Here’s Why 89% of Finance Professionals Are Unhappy and How You Can Fix It
Ask any craftsman the secret to excellence, and you will most likely hear that, in addition to expertise, the craftsman requires the right tools for the job.
The same is true for finance teams working on operational reporting. Even the most skilled finance professionals require the right tools to complete their tasks well.
In this blog, we'll discuss a Hanover Research study that looked at which technologies finance professionals use the most for operational reporting and how they feel about them. According to their survey of over 500 finance decision-makers from various industries throughout the world, 89 percent of finance professionals are dissatisfied with the operational reporting tools they utilize. Only 23% of companies can produce all of the essential operational reports required.
An Overview of Operational Reporting
Operational reporting, often known as business reporting, provides vital business insight to decision-makers across the enterprise. These reports concentrate on short-term realities and draw on low-level data from multiple business systems to provide a clear and succinct view of daily operations.
Finance teams produce a variety of operational reports for various departments within the organization. Although finance and accounting are the most frequent users of these reports, the following are some of the other top departments that use operational reporting on a regular basis:
Due to the nature of operational reporting, finance professionals find themselves creating many operational reports on a recurring basis. Half of the financial decision-makers produce recurring reports at least once a week, and 12% of survey respondents create reports on a daily basis.
Among the recurring reports requested, finance teams most often cite accounts receivable aging, accounts payable aging, and daily cash flow tracking as the top three most common recurring reports.
Each of these reports has its own set of obstacles, but product expense by category, weekly forecasting, and revenue trends were identified as being the most difficult to produce.
Operational Reporting Tools
According to their survey respondents, the three most common tools used for operational reporting are:
Microsoft Power BI
Native ERP reporting tools
All of these tools are great at the tasks for which they were designed. However, for operational reporting, each leaves something to be desired. Although 76 percent of financial professionals use Microsoft Excel for their jobs, operational reporting with spreadsheets entails manually copying and pasting data from source systems into the spreadsheet, manipulating it, and repeating the process whenever the data in the source system changes.
Microsoft Power BI is used by 45% of respondents for operational reporting, although it comes with its own set of issues. Using Microsoft Power BI to create operational reports necessitates a high level of technical expertise and an investment in a data warehouse to transform data into an optimal format for operational reporting, which reduces the data's immediacy and makes it more difficult to drill into transactional data to answer follow-up questions.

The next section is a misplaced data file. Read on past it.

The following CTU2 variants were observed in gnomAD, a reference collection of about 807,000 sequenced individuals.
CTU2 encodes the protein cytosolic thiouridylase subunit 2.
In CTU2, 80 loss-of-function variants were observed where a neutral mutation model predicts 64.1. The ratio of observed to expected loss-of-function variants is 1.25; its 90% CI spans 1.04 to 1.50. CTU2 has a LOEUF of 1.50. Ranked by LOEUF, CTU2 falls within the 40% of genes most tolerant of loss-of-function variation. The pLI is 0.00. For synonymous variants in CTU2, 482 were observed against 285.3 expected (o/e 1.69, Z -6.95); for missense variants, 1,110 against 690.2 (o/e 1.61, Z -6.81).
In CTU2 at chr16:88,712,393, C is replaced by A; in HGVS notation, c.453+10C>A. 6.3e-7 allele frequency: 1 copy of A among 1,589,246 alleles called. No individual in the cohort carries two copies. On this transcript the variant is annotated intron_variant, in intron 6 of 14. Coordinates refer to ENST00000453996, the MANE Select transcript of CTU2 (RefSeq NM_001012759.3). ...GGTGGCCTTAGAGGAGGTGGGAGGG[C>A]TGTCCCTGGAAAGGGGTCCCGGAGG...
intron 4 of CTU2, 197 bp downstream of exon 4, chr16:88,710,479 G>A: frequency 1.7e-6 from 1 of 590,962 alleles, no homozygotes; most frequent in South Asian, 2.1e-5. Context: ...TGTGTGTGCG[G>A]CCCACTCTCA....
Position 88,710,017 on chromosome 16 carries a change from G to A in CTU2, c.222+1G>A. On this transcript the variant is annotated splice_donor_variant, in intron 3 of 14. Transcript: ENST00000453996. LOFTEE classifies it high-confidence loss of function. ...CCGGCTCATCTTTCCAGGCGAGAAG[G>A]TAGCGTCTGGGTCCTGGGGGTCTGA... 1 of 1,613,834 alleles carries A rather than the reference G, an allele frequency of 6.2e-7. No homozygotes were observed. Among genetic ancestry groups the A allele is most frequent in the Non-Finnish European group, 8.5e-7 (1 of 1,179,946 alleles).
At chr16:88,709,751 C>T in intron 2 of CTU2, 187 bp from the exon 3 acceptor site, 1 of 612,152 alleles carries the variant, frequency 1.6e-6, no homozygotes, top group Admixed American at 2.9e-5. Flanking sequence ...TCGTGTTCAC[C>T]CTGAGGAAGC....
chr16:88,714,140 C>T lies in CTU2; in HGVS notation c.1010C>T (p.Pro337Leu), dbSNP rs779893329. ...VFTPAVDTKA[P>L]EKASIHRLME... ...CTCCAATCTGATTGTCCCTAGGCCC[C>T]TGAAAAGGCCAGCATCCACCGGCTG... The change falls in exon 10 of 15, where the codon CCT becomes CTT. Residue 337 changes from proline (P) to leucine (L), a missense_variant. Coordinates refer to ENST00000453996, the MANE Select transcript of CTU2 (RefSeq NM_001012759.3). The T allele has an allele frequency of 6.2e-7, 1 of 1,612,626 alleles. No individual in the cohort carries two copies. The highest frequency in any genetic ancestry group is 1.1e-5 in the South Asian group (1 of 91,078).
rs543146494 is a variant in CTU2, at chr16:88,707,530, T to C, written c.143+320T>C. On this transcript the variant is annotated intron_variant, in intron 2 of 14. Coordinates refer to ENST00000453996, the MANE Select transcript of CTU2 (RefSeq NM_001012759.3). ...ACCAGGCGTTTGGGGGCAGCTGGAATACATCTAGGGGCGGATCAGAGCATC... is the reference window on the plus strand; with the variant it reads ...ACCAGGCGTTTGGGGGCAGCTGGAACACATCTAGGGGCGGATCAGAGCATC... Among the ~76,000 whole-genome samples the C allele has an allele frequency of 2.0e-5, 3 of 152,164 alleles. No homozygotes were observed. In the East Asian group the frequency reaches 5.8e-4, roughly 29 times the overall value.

For the 30% of respondents that use native ERP tools, the limitations of the tools often force finance professionals to resort to manual copying and pasting into a spreadsheet for analysis and presentation, which takes significant time and effort and increases the possibility of human error.
For these and other reasons, 89% of finance professionals are dissatisfied with their current reporting tools.
These tools are all great tools for their intended purpose. But don't forget about the craftsman we stated at the start. A tool must be utilized for its intended function if it is to be used correctly. None of the mentioned above tools are specifically designed for operational reporting. That's where the issue starts.
Why are 89% of Finance Professionals Unhappy?
When asked about the issues they have with operational reporting, 23% of participants said the systems they use aren't built to handle financial data.
What does that mean in practical terms? Finance data has inherent dimensionality and typically has to be flattened into two dimensions for consumption by standard business intelligence tools. This necessitates finance teams to manually move the relevant data into a platform that allows them to alter and present the data in an understandable way. This could entail putting data into a data warehouse. In this scenario, producing reports becomes a time-intensive, demanding task. Furthermore, when you create a report in this manner, the data is no longer linked to the source system, resulting in a report that is out of date as soon as it is created.
Finance teams can't produce real-time reports or drill down into the minute details that matter for operational reporting if they don't have a live link to source data.
To make matters more difficult, several of the tools employed need advanced technical expertise, resulting in a reliance on IT. Considering the sheer volume and velocity of operational reports required, dependence on IT makes timely report generation out of reach for many organizations.
The Solution for Operational Reporting
What can finance teams take away from this? Finance departments must clearly consider their financial reporting options carefully. To address the most prevalent issues, finance executives should look for technologies that:
Allow non-technical users to easily create reports.
Automate recurring reporting.
Allow users to drill down to a granular transactional level.
Enable real-time access to source data from existing business systems.
Are purpose-built to handle financial data.